Let $\left(X_n\right)_{n\geq 1}$ be i.i.d random variables on $\left(\Omega,\mathcal A, \mathbb P\right)$, $X_1$ with mean $\mu$, and $$ L(\lambda) = \begin{cases} \log\mathbb E\left(e^{\lambda X_1}\right)<\infty, & \text{if }\mathbb E\left(e^{\lambda X_1}\right)<\infty \\ +\infty, & \text{otherwise, } \end{cases} $$

and $\displaystyle L^{*}(x)=\sup\left(x\lambda-L(\lambda)|\lambda\in\mathbb R\right)$

Prove that for any $\alpha > 0$ and $n\geq 1$,

$$\mathbb P\left(\left|\frac{X_1+...+X_n}{n}-\mu\right|\geq \alpha\right)\leq e^{-nL^{*}(\mu+\alpha)}+e^{-nL^{*}(\mu-\alpha)}$$

And deduce the most general law of large numbers you can from the previous inequality.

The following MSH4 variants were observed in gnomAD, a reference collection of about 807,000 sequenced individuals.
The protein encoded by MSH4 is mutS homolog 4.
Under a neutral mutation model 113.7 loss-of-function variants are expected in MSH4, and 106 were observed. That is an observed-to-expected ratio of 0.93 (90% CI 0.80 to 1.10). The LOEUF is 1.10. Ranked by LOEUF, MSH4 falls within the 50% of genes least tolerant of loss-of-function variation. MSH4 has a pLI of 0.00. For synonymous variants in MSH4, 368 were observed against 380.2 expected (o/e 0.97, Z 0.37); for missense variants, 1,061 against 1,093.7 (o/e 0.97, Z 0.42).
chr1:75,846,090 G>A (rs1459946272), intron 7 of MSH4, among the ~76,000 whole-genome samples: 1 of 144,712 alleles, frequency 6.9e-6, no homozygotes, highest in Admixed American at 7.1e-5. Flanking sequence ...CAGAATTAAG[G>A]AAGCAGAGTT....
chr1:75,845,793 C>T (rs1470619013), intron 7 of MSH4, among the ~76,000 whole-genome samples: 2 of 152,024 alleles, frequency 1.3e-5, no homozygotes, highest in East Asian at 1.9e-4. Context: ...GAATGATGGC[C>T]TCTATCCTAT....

• $\begingroup$ Hint: As a first step to deriving the general law of large numbers, you could for example calculate, $L$, $L^{*}$, for $\pm 1$ or Cauchy random variables and see what happens in the inequality. $\endgroup$ – Chris Apr 2 '13 at 23:56
  • $\begingroup$ math.stackexchange.com/questions/349587/… is related. $\endgroup$ – Chris Apr 3 '13 at 1:05

$$\mathbb P\left(\left|\frac{S_n}{n}-\mu\right|\geq\alpha\right)=\mathbb P\left(\frac{S_n}{n}-\mu\geq \alpha\right)+\mathbb P\left(-\frac{S_n}{n}+\mu\geq \alpha\right)$$

So we have to show that:

$$\mathbb P\left(\frac{S_n}{n}-\mu\geq \alpha\right)+\mathbb P\left(-\frac{S_n}{n}+\mu\geq \alpha\right)\leq e^{-nL^{*}(\mu+\alpha)}+e^{-nL^{*}(\mu-\alpha)}$$

$$\mathbb P\left(\frac{S_n}{n}-\mu\geq\alpha\right)\leq e^{-nL^{*}(\mu+\alpha)}$$

Similarly we have

$$\mathbb P\left(-\frac{S_n}{n}+\mu\geq \alpha\right)\leq e^{-nL^{*}(\mu-\alpha)}$$


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